In the northwestern state of Chihuahua, Copper Canyon is a UNESCO World Heritage Site. The combined length of the ravines makes Mexico’s Copper Canyon a whopping four times larger than the Grand Canyon in the United States. In some places, it’s even deeper than the Grand Canyon, with a depth of over 1 mile (1.6 km) The Tarahumara people, or Rarámuri as they’re known in their own language, call the Copper Canyon home. They are a group of indigenous people who have protected their culture and way of life by retreating deep within the Copper Canyon system some 400 years ago when the Spanish arrived in the north. They are so remote and so secretive that there are no accurate estimates as to their population size. The El Chepe Train transports people into the canyon on a railway track that stretches from the city of Chihuahua to Los Mochis on the Pacific coast and consists of 37 bridges and 86 tunnels. ~visitcoppercanyon.com
A visit to Copper Canyon, Mexico, via the El Chepe Train has been on my sister’s Bucket List for 35 years. It’s about time… Below are four videos that document our adventures as we cross the border into Mexico to tackle theMission NOT Impossible…Copper Canyon, Mexico.
We have FAILED at corresponding with family and friends this year since no holiday cards were sent. We even attempted a photo during our family Christmas gathering! Instead, we have resorted to using social media and this site to feature our greetings and wish our family and friends peace, love and happiness.
Have we really failed? Not in my mind. The money that would have been spent on cards and postage has been donated to the Mefi-Boset Orphanage in Mexicali, Baja, Mexico.
For some time now, I’ve been following, with great interest, the hiking and humanitarian adventures of an amazing, kind hearted nurse originally from our part of the globe along the Minnesota/South Dakota border. From time to time, items are purchased and delivered to the Mefi-Boset Orphanage by this individual living across the border in the United States. The images of these endeavors have spoken to my heart, especially after our visit to small villages and cities along the Copper Canyon region and northern Mexico. I am confident that our donation will provide some much needed items at the Mefi-Boset Orphanage.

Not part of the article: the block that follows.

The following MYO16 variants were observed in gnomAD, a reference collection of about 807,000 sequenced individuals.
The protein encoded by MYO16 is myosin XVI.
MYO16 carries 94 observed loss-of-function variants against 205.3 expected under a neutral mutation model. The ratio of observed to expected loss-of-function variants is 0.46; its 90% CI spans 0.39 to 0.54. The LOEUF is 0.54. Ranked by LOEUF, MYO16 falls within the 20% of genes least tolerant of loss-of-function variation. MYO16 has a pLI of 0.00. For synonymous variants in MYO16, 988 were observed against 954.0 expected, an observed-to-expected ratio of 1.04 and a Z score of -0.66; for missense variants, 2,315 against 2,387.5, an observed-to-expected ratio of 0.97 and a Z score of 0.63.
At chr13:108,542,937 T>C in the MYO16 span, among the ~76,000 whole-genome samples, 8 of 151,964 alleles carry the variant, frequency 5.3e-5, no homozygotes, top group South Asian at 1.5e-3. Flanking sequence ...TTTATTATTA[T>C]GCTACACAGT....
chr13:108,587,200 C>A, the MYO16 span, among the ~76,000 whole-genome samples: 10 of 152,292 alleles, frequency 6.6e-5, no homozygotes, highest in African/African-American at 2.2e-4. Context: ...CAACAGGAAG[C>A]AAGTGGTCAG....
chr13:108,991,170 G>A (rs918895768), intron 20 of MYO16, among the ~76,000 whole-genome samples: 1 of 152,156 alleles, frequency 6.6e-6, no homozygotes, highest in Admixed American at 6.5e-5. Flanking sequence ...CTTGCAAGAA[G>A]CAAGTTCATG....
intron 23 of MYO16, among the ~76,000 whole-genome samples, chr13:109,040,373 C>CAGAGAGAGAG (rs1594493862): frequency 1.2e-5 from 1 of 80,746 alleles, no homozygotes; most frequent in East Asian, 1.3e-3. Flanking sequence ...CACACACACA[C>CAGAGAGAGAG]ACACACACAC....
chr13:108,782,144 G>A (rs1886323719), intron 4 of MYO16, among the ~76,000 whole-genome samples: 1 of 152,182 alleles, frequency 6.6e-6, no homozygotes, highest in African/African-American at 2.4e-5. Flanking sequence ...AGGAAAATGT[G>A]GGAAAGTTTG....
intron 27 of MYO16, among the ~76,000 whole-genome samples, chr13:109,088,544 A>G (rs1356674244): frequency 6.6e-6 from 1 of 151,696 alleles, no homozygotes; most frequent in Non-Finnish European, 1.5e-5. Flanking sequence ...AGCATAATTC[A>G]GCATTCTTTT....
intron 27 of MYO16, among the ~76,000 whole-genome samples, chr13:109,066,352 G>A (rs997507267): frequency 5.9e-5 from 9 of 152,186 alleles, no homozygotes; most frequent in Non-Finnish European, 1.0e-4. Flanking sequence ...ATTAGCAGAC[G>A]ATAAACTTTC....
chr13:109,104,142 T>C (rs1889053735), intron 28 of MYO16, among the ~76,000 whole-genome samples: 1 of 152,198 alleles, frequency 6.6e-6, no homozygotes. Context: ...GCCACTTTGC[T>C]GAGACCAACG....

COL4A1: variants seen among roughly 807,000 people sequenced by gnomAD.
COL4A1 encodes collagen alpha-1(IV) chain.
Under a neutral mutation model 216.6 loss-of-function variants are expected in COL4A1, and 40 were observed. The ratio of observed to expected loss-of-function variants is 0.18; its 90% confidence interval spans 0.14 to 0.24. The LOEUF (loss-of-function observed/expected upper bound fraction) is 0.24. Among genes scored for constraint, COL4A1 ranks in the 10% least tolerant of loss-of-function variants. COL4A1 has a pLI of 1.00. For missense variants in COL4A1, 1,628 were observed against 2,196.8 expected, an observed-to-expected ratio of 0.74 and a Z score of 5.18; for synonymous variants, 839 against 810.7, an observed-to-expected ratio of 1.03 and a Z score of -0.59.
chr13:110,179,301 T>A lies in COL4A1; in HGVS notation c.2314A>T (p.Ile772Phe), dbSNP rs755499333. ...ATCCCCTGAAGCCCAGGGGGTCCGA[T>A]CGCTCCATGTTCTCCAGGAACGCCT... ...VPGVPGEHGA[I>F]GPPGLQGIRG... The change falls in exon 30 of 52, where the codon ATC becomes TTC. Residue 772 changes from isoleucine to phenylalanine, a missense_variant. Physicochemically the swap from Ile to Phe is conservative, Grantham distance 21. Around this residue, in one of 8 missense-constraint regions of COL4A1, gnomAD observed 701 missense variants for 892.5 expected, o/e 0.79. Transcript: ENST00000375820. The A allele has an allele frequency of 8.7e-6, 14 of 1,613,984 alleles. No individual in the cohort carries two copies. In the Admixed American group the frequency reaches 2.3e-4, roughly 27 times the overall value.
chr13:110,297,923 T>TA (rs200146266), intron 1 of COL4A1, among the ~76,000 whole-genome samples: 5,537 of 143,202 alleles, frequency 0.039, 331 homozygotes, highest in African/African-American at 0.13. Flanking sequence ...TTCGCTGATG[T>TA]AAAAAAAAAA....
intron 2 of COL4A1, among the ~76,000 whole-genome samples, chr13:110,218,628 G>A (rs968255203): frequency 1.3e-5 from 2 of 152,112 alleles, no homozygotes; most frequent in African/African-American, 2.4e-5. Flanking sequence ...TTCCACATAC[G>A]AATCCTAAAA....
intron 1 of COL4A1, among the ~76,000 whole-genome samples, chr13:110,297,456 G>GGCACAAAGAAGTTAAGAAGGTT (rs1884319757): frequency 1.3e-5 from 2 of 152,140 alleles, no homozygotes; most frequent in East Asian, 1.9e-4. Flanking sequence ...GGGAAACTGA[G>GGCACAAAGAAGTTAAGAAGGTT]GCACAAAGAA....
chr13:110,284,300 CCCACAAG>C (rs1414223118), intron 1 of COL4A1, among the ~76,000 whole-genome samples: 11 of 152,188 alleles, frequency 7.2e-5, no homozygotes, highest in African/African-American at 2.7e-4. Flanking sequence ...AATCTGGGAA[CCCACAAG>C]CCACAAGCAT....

Thank you, Peggy, for sharing these images of your visit and for all of your humanitarian efforts. “The purpose of life is not to be happy. It is to be useful, to be honorable, to be compassionate, to have it make some difference that you have lived and lived well.” ― Ralph Waldo Emerson
I find myself mesmerized by the process as each step is carefully, yet quickly, completed. Noticing the bare hands, I wonder how many burns occur during a typical work week. I know I would need a first aid kit within close proximity.
Because of your smile you make life more beautiful. ~Thich Nhat Hanh
While dining at a restaurant near San Jose del Cabo, Mexico, this friendly gentleman (Pictured on the left in the photo) and his wife were seated at the table next to us.
Being naturally curious we ask, “Where are you from?”
Our Minnesota Nice reflex kicks in and we begin to chat, noticing their accents do not sound like your typical Canadian.
I can’t resist… “Have you always lived in Canada?” Thus, begins their interesting tale…
Following the Fall of Saigon on April 30, 1975, the family business was taken away by the Communists and father/son were both thrown in prison. His father spent seven years in prison… Wow.
Fortunately, his sister was able to flee in a boat eventually relocating in Canada. Years later, she sponsored him, his wife and two daughters creating an opportunity for a new life in Canada. At age forty they found themselves starting over in a new country learning to understand its culture and language. As a welder and chef, they work extremely hard to make the best of their new lives, allowing them to not only survive, but also thrive. Infectious smiles along with a “glass half full” outlook on life touched our hearts. At age seventy they are still employed and have no desire to retire as long as health allows.
Growing up watching the Vietnam War on the nightly news sparked a fascination with this country and its culture. Being curious and reaching out makes history come alive and I walk away truly inspired.
Upon reading the translation of the Mayan Prayer to the Seven Directions, I sense gratitude and hope. (Click on link for full prayer)*Excerpts from the prayer: May wisdom be transformed into right action… bless us with harmonies to end all war… all hail the harmony of mind and nature. I may have a different belief system and pray to a different God than the Ancient Mayans, but I also find their prayer timeless in an earthly sense. Peace out.
The history and legacy of the Mayan people also appear to be fleeting as tourism and beaches are the key to survival. It is well worth the time to tour the historic sites of Tulum and Chichen Itza with a knowledgeable guide to learn more about their interesting past. The history of the Mayan people is kept alive through archeological sites such as these.
The run-down streets portray struggle, while the earth can feel the pulse of a proud ancestry.
HDR image of a neighborhood street in Playa del Carmen, Mexico blended with an image of a costumed Mayan gentleman taken at the Chichen Itza archeological site. Blended image layer transformed to appear to be part of the earth. Click on image for a larger viewing window.
Life can be harsh for the disabled begging on the church steps of the Cathedral de San Gervasio in Valladolid, Mexico. This is the real deal and not a scam as the locals also give money to these individuals according to Mark Moxon’s Travel Writing.
In turn, life can be harsh for the working class protecting their modest stucco homes and belongings with broken glass ledges in Playa del Carmen, Mexico.